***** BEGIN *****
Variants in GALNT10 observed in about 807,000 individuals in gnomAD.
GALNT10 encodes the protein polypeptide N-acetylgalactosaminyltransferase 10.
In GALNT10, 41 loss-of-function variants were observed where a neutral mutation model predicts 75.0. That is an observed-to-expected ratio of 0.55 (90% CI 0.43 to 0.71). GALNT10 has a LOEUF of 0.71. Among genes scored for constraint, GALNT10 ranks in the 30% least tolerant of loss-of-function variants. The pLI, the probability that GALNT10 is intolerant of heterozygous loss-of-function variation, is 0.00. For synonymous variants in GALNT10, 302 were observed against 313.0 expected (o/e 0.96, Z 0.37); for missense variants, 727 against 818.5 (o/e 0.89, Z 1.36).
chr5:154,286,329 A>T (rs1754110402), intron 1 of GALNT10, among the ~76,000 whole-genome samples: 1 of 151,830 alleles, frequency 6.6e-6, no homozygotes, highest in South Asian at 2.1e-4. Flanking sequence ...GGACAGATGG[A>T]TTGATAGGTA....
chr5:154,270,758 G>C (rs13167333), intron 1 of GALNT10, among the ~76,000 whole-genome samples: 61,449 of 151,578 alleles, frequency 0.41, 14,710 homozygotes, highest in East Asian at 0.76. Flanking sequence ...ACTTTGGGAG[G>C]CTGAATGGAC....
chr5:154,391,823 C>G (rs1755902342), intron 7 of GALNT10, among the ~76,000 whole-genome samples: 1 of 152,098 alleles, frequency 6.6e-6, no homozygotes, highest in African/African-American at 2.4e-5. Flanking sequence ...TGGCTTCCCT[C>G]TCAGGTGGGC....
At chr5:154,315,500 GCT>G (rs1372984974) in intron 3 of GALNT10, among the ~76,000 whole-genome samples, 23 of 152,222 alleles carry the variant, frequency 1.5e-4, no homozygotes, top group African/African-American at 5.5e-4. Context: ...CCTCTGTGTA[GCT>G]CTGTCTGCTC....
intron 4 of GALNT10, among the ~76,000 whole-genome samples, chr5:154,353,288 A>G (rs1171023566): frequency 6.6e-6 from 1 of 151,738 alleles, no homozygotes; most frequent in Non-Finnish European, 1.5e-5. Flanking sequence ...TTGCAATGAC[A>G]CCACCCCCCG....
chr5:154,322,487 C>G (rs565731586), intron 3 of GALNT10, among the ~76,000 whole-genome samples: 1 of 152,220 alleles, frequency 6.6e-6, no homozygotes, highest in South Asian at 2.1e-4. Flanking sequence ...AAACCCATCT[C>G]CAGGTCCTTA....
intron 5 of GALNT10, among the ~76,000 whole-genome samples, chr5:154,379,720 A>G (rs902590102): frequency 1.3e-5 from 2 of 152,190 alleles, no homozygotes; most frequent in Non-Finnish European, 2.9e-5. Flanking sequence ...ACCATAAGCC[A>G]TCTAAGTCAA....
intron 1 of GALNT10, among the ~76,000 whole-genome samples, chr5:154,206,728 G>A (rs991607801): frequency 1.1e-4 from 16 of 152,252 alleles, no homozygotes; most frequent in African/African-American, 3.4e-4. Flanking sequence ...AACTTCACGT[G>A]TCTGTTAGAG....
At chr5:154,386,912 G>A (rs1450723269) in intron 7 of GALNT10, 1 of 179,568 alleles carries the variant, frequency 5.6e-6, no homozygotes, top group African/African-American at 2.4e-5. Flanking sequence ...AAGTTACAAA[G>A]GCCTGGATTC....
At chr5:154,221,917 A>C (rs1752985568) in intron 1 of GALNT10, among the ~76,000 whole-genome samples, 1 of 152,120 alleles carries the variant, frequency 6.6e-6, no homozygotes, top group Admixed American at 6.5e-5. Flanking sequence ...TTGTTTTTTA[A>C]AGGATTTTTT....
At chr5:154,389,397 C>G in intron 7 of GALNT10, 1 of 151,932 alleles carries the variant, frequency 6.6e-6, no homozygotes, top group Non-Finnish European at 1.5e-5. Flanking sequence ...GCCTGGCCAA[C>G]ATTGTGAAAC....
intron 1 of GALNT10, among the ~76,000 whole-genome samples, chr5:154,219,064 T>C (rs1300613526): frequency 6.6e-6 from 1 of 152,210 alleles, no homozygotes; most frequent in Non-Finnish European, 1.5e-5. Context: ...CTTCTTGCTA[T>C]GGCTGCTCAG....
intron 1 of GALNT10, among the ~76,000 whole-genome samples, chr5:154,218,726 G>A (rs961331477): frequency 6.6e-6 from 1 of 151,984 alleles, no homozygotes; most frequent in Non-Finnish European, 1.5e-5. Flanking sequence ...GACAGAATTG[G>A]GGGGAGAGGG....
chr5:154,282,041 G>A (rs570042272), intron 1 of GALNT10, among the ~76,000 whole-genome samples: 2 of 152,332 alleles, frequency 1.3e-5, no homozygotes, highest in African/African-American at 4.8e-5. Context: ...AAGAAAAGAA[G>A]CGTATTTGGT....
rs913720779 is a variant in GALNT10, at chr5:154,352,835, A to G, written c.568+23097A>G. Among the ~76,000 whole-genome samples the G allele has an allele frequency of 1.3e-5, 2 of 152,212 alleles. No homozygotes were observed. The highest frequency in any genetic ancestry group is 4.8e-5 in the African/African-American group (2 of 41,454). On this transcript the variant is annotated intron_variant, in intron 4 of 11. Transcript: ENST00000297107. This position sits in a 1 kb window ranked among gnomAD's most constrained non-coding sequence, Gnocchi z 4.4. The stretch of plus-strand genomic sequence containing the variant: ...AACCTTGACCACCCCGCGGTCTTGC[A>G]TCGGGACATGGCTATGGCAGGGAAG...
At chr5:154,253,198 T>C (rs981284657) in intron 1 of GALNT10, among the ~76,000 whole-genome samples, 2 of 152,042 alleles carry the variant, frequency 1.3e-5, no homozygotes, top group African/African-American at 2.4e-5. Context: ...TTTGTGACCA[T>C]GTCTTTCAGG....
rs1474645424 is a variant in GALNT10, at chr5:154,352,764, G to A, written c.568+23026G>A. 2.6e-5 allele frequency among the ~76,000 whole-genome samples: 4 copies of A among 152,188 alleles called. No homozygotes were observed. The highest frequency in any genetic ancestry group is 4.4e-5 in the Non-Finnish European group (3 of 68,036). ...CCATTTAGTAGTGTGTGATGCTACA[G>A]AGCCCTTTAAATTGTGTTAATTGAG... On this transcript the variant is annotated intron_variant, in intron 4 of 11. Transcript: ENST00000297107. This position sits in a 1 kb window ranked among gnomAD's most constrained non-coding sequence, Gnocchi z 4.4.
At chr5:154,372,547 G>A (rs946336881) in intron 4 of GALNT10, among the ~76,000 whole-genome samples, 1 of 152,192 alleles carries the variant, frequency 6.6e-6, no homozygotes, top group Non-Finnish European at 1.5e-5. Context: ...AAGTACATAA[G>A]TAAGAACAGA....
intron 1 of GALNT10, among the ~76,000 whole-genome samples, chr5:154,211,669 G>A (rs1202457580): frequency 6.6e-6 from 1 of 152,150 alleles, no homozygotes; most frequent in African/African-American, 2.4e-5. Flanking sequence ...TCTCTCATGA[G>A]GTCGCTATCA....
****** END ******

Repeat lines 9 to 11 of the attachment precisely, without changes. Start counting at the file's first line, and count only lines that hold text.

chr5:154,322,487 C>G (rs565731586), intron 3 of GALNT10, among the ~76,000 whole-genome samples: 1 of 152,220 alleles, frequency 6.6e-6, no homozygotes, highest in South Asian at 2.1e-4. Flanking sequence ...AAACCCATCT[C>G]CAGGTCCTTA....
intron 5 of GALNT10, among the ~76,000 whole-genome samples, chr5:154,379,720 A>G (rs902590102): frequency 1.3e-5 from 2 of 152,190 alleles, no homozygotes; most frequent in Non-Finnish European, 2.9e-5. Flanking sequence ...ACCATAAGCC[A>G]TCTAAGTCAA....
intron 1 of GALNT10, among the ~76,000 whole-genome samples, chr5:154,206,728 G>A (rs991607801): frequency 1.1e-4 from 16 of 152,252 alleles, no homozygotes; most frequent in African/African-American, 3.4e-4. Flanking sequence ...AACTTCACGT[G>A]TCTGTTAGAG....